When one thinks of an “injury,” typically one is imagining a sudden physical incident.  Maybe a roofer falls from a ladder.  A nurse pulls her back positioning a patient.  A machine operator catches a hand in a device.  While these are certainly injuries we see in PA workers’ compensation, not all work injuries are like these.  Some are physical, some are mental.  Also, some fall more into the category of “disease” than “injury.”  Yet, as a recent case from Commonwealth Court of Pennsylvania reminds us, all are compensable under the Pennsylvania Workers’ Compensation Act.

In Kimberly Clark Corporation  v. Workers’ Compensation Appeal Board (Bromley), the injured worker was an electrician in his employer’s plant.  He was diagnosed with metastatic bladder cancer in the Summer of 2005, and sadly passed away on June 23, 2006.  His widow (the “Claimant”) filed a Fatal Claim Petition.

In litigation before a Workers’ Compensation Judge (WCJ), Claimant presented the testimony of two coworkers of her late husband.  Both testified that the late husband had been exposed to various chemicals and substances which are known to cause cancer while doing the duties of his job.  The witnesses listed the names of many of the materials.  Claimant also presented the testimony of an oncologist, who explained that the bladder cancer developed due to the exposure to these carcinogens.

This seems to be the month for Average Weekly Wage (AWW) cases.  If you have not been keeping up with our blog (first, shame on you! 😉 ), AWW is the calculation of an injured worker’s wages, which is used to determine the amount of workers’ compensation benefits the injured worker will receive.  Last week, we discussed the Toigo Orchards, LLC and Nationwide Insurance Company v. Workers’ Compensation Appeal Board (Gaffney) case, which dealt with a situation where the worker did not earn a regular set amount each week.  This week we will look at a case with set weekly earnings.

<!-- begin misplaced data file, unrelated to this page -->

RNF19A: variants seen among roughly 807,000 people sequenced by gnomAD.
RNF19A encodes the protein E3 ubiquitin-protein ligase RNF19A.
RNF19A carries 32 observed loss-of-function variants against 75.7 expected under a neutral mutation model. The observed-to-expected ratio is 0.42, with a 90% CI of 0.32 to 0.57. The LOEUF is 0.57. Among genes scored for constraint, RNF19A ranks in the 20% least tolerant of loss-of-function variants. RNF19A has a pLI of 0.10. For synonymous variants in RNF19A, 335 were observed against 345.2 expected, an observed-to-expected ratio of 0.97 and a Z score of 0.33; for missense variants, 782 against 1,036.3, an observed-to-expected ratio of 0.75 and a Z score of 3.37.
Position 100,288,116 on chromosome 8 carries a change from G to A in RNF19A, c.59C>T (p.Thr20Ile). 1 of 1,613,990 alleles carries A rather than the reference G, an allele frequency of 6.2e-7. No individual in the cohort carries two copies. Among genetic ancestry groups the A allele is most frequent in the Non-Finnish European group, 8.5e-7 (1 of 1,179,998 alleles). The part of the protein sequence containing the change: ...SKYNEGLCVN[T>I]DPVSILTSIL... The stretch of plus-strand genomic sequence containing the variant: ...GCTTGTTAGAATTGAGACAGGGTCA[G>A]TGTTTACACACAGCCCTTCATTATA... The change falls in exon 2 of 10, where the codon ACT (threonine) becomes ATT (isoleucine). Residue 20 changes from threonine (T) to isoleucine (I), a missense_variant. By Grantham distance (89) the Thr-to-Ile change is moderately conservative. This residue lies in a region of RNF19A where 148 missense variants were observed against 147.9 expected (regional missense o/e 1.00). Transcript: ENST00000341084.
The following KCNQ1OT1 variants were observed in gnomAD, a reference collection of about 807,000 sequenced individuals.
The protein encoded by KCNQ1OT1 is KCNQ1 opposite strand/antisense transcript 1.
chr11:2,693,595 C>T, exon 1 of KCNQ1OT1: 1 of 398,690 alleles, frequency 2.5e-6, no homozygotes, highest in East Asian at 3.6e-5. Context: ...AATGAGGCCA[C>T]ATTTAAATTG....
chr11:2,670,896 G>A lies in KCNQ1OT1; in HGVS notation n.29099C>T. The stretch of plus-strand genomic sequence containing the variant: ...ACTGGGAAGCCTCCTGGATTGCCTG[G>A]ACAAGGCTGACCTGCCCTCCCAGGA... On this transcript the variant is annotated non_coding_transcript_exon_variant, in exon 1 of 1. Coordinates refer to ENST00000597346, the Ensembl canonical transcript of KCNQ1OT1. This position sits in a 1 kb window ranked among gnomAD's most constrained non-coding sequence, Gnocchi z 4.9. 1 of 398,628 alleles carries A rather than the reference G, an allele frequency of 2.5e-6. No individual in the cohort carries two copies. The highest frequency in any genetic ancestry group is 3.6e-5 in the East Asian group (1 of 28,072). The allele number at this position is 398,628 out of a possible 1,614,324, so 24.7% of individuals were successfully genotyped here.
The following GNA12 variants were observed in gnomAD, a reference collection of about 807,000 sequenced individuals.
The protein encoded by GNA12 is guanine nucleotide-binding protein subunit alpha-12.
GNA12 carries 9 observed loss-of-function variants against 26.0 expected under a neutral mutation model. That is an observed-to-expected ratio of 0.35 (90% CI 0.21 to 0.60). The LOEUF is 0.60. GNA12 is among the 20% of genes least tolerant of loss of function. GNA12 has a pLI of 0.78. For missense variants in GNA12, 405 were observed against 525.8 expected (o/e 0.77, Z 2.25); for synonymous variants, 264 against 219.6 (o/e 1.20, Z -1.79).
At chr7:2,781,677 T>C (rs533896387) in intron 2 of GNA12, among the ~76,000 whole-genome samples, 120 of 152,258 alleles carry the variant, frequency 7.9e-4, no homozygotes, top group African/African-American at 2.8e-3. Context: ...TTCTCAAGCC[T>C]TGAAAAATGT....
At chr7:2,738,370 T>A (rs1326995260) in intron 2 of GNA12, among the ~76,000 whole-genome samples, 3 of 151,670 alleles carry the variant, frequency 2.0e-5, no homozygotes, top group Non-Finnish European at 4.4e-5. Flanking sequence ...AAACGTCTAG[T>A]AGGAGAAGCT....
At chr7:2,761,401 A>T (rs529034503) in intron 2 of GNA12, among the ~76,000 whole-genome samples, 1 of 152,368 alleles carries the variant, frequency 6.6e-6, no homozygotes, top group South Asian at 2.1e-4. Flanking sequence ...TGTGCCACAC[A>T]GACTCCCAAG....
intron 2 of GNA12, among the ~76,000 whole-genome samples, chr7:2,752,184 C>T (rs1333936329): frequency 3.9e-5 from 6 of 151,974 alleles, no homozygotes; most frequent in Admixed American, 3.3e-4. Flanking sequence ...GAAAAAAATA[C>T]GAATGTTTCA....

In Lidey v. Workers’ Compensation Appeal Board (Tropical Amusements, Inc.), the injured worker was employed as manager/fabricator of company who provides amusement park and carnival rides.  While doing his job, the employee suffered a severe injury to his right arm, in which the arm was fractured and crushed, requiring multiple surgical procedures.  At the time of the injury, he was paid $2,000.00 per week.  In the year prior to his injury, his wages increased from $1,000.00 per week to $2,000.00 per week, at least temporarily.  There was no discussion whether this rate would continue indefinitely.